Established in 1995, WMF Britain serves as a local representative for WMF, assisting with project management and outreach.


In 1990, World Monuments Fund presented His Majesty King Charles III with its annual Hadrian Award in recognition of his efforts in advancing the conservation of world architecture. In his acceptance speech, HRH called attention to the plight of St. George’s Hall in Liverpool, describing it as “one of the finest neoclassical buildings in the world.”

Supported by WMF, which opened its London affiliate office in 1995 with a gift of $1 million and a bequest from the late Paul Mellon to create the Paul Mellon Fund for Architectural Preservation in Great Britain, the restoration of the Small Concert Room at St. George’s became WMF Britain’s first project.

Since 1995, WMF Britain has completed projects at over 50 UK sites and established partnerships with many more on the World Monuments Watch to provide on-site conservation, educational resources, training, and advocacy. In recent years, the UK office has worked more frequently outside of the UK and, thanks to the British Council’s Cultural Protection Fund, has carried out projects in Jordan, Iraq, and Yemen, supporting heritage projects within communities impacted by conflict.

WMF Britain’s 27-year track record illustrates a wide range of successful conservation projects in the UK and further afield, complemented by meaningful engagement with local communities and global supporters. For the future, there is significant potential to expand WMF’s presence in the United Kingdom, and London in particular.


WMF Britain Board of Directors

  • Hélène Marie Shafran, Chair
  • Ann Chapman-Daniel
  • Patrick Franco
  • Lorna B. Goodman
  • James Goold
  • Hannah Kaye
  • William J. Loschert
  • Monika A. McLennan
  • Bénédicte de Montlaur, ex-officio
  • Jacqueline Ranawake
  • William Sieghart
  • Julian C. Sharpe
  • Sumayya Vally
  • Anna van Praagh
  • Sonali Wijeyaratne


In Focus

Featured Projects

YEM Ta'izz - hero
Active Project

Old City of Ta’izz

Ta'izz, Yemen
Yemen's medieval capital has become a battlefield, galvanizing local efforts to survey the damage and plan for future conservation efforts.

Stowe House

Buckinghamshire, United Kingdom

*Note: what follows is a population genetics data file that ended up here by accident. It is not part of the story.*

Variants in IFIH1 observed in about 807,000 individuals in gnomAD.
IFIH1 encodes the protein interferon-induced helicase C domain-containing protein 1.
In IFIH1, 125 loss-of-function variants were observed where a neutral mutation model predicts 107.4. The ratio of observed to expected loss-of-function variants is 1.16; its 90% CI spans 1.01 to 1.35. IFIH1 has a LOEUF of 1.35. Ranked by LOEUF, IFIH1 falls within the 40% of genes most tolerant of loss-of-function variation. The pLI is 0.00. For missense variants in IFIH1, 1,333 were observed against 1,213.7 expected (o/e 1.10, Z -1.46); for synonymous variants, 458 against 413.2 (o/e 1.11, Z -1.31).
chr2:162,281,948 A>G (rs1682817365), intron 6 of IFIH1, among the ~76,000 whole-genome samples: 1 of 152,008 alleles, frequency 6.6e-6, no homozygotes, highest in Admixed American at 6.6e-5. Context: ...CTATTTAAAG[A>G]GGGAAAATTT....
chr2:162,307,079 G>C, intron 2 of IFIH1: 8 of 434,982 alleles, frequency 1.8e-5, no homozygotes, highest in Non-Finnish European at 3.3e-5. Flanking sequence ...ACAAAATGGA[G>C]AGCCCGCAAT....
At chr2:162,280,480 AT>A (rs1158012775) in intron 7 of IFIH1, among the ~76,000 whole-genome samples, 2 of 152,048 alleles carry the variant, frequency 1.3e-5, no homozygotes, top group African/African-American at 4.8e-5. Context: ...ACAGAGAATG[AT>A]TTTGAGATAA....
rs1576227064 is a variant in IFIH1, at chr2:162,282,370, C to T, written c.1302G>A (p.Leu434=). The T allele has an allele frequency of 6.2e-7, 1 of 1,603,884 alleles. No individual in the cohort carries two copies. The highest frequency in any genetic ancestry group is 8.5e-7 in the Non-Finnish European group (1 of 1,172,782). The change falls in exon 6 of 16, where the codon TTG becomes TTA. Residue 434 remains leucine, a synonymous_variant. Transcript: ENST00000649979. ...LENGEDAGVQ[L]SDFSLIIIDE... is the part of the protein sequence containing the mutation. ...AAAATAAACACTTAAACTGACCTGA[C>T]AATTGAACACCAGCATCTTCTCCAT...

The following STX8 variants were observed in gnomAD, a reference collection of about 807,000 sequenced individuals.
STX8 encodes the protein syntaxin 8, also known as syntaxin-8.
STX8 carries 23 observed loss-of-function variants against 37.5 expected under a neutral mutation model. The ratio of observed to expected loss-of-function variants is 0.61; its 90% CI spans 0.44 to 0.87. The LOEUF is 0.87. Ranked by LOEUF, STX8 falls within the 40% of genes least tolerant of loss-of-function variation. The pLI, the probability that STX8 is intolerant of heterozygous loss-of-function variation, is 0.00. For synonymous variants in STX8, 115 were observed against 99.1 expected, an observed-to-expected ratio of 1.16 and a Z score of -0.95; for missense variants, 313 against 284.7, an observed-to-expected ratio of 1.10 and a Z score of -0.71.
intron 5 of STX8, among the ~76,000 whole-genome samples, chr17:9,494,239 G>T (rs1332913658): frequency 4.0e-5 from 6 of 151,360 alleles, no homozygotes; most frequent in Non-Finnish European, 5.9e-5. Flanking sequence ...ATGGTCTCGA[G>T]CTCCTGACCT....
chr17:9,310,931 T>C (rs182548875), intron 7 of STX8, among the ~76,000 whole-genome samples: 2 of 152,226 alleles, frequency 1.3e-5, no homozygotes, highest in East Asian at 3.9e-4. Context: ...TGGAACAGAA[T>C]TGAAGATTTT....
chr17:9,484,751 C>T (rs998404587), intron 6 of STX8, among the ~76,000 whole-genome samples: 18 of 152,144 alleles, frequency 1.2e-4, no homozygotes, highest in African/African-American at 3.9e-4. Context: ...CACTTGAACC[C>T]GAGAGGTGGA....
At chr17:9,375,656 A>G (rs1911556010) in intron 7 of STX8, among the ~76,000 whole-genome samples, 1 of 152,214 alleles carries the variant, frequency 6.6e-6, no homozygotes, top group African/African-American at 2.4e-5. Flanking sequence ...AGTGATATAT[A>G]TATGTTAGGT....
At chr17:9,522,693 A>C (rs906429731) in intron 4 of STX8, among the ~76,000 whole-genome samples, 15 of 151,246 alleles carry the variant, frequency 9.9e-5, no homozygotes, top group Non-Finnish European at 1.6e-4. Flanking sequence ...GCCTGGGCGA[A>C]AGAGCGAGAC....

In 2013 two eighteenth-century lead lions were returned to their original location at the southern entrance to Stowe House, decades after they were sold at an auction in 1921.

Strata Florida

Ystrad Meurig, Wales
The twelfth-century complex constructed on an ancient site remains a powerful source of Welsh cultural identity.
The recently restored Keselo fortifications, originally dating from the thirteenth century, 2017.
Completed Project

Tusheti National Park

The Tush community seeks to ensure that regional development in eastern Georgia will promote sustainable tourism and will not disrupt their livelihoods.
Fully restored Moseley Road Baths and Balsall Heath Library façade. Nov 2022

Moseley Road Baths

Birmingham, United Kingdom
Moseley Road Baths, an Edwardian time capsule still in use and serving a diverse urban community, is now at risk of closure due to cutbacks in government spending.
View of the Bennerley Viaduct from the east, 2017.

Bennerley Viaduct

Derbyshire and Nottinghamshire, England
Local stewards of a rare survivor of the Industrial Age seek to revive it as a community asset for recreation and access to the natural environment.
Newstead Abbey Partnership initial meeting, June 25, 2014
Completed Project

Newstead Abbey

Ravenshead, Nottinghamshire, United Kingdom
Newstead Abbey is best known today as the ancestral home of Lord Byron (1788–1824). The original Newstead Abbey was founded by Henry II as an Augustinian priory in the twelfth century.
View of Hurst Castle. Photo courtesy of ExploringWithin on YouTube.
Active Project

Hurst Castle

Lymington, United Kingdom
A fortress built by Henry VIII that suffered partial collapse in 2021 illustrates the urgent need to address the impact of climate change on coastal heritage through continued monitoring.